Insoles can make all the difference when it comes to the comfort level of your shoes. They can add warmth, provide extra support (especially if you have a medical condition that affects your feet), and just generally make shoes fit better. That means practically anyone can benefit from wearing them — but with tons of different choices available, finding the most comfortable insoles can be a bit overwhelming. To help you out, Ashley Wood, RN, BSN, and author of Demystifying Your Healthgave Bustle the full rundown on how to find the best insoles — and I used her advice to select some great picks to keep you comfortable while you walk, run, and stand.
Before you make a purchase, here's what you need to think about:
Identify your needs
First and foremost, it is important to choose insoles that address your specific needs. According to Wood, “Insoles make shoes more comfortable because they provide the support to the area of your foot that needs it.” For this reason, if you experience a lot of heel pain, look for an insole that provides plenty of padding in that area. If your feet are perpetually tired from standing, a foam insole with extra cushioning should keep you comfortable all day long. For exercise enthusiasts, Wood suggests an insole that offers a combination of flexible support and shock absorption. And finally, if you're trying to improve the fit of a too-big pair of shoes, Wood recommends a low profile insole that has “a layer of foam cushioning” to help reduce the extra space and create a snugger fit.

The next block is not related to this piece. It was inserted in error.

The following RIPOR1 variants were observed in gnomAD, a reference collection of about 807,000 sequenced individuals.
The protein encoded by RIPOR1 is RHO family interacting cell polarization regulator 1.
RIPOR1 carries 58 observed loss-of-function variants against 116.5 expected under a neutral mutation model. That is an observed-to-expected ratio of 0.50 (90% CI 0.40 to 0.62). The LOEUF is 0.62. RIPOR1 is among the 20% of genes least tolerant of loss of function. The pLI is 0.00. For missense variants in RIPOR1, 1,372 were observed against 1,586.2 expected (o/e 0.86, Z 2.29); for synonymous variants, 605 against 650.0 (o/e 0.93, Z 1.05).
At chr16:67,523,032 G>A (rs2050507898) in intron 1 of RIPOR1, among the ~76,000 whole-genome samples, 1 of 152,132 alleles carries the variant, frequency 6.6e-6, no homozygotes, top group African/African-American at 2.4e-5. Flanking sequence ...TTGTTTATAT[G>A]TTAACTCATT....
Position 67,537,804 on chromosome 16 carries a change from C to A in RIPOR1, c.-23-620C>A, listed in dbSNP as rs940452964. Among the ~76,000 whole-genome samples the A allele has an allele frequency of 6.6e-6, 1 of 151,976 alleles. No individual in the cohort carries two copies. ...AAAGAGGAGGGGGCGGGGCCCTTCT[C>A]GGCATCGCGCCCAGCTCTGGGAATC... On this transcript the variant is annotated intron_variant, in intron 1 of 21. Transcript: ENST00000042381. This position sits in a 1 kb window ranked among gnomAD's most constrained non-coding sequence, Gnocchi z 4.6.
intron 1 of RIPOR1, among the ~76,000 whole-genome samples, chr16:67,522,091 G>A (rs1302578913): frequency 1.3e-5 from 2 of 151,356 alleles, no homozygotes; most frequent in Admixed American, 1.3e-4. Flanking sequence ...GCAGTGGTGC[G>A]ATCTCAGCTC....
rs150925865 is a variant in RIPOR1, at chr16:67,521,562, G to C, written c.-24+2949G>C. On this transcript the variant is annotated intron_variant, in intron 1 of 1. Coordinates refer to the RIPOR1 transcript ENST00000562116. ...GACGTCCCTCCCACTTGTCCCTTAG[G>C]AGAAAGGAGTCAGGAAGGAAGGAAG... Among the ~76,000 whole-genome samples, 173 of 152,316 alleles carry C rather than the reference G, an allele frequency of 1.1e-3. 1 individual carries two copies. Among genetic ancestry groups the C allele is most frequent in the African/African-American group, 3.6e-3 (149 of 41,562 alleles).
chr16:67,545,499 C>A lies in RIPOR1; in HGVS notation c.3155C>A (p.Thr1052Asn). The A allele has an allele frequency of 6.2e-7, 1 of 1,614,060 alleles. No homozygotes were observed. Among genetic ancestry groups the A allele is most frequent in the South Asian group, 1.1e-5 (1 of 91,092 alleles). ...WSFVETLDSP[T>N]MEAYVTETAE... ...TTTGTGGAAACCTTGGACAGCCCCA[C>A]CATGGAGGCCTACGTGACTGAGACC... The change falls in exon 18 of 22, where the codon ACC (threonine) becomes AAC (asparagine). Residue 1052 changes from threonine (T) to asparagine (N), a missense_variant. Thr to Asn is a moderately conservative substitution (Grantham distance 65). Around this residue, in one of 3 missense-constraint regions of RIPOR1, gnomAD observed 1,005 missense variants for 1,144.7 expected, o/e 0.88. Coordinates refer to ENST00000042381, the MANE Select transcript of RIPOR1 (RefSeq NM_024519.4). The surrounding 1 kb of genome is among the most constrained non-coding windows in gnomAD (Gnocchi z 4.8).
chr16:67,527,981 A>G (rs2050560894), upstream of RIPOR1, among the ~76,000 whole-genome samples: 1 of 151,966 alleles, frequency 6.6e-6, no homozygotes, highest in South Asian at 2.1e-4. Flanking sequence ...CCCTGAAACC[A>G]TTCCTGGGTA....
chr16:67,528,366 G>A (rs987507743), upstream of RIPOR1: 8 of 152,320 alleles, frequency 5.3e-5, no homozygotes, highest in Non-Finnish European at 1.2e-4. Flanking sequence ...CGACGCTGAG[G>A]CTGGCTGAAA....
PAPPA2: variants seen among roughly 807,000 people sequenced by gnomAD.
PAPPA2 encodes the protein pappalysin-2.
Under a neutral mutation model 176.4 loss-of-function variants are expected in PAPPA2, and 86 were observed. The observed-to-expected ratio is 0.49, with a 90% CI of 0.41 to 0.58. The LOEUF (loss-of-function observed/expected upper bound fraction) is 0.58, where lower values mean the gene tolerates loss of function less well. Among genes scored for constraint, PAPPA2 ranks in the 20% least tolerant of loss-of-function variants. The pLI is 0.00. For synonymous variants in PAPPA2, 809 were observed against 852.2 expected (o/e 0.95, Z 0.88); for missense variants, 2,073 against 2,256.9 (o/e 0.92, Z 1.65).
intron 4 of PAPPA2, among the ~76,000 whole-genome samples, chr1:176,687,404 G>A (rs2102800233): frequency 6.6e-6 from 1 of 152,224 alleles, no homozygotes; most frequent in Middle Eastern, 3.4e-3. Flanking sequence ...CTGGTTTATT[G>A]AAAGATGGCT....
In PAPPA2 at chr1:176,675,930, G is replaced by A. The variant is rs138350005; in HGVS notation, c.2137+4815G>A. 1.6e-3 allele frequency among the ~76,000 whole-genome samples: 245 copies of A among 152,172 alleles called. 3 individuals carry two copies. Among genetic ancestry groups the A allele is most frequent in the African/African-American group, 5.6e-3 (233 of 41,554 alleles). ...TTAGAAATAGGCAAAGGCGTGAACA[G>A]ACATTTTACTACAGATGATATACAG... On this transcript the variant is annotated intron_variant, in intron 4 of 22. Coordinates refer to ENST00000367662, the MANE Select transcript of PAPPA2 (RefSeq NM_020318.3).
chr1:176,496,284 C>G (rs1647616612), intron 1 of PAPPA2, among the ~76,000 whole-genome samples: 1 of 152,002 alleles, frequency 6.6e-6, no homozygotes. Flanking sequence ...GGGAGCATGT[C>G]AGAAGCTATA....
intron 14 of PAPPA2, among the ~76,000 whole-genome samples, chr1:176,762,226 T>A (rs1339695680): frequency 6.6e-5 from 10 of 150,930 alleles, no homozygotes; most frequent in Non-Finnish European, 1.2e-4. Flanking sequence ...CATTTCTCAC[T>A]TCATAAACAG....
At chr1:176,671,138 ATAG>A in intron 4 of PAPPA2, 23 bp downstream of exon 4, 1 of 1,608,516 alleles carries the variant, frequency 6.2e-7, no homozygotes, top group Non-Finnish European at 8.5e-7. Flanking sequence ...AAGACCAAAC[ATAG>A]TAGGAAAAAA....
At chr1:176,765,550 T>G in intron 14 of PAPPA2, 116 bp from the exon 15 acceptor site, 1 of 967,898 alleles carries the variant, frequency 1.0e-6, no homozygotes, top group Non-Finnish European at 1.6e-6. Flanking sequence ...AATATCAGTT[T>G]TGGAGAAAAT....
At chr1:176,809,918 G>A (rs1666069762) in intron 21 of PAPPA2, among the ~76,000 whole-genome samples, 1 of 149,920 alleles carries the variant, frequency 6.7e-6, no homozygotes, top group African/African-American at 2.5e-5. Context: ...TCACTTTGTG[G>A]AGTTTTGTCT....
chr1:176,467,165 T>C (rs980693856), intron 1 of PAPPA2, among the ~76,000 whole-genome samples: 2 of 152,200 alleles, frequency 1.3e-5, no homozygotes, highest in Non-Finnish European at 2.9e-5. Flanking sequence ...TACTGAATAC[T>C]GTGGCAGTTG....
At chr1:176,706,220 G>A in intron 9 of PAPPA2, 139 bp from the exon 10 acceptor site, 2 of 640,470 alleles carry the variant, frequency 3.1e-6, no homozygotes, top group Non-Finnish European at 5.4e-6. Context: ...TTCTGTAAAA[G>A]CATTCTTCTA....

Know your arch type
Some insoles take the shape of your foot into consideration. Insoles can sometimes be designed specifically for one of the three arch types (low arches, neutral/medium arches, or high arches), so it’s important to know where yours fall so that you can pick an insole accordingly.
Choose a material
Insoles can be made from a number of materials, but foam is very common and often cheapest. Wood has plenty of good things to say about this material — specifically that it “is naturally shock absorbing, rigid and always dependable,” making it a great pick for “cushioning, support and pressure relief.” Only potential problem? Foam tends to wear down quickly, though memory foam can last a bit longer than other types and molds to your feet for better comfort.
Gel insoles are another popular pick and are really good for shock absorption. Wood says gel insoles are great when you want to “increase grip, stop slipping and relieve pain, especially in the balls of your feet.” Leather and cork are other insole material options that provide some cushioning, but are far less common.
Find the best fit
Another thing to keep in mind is that an ill-fitting insole is definitely not going to be comfortable. Make sure that the insole you purchase is sized correctly for your feet. Insoles are usually measured in shoe size and each insole size typically covers a range of shoe sizes (like women's sizes 8 to 10, for example). Full-length insoles are often trimmable, so that you can achieve the perfect fit even if you’re between size ranges.
It also matters that the insole fits inside the intended shoe. Insoles designed specifically for heels, for example, tend to be thinner and narrower, and standard insoles likely won't fit inside a pair of pumps.
Insoles come in a wide range of price points, but Wood counsels that “You don’t have to buy the most expensive insole to get the best product.” It’s all about finding the one that is right for you.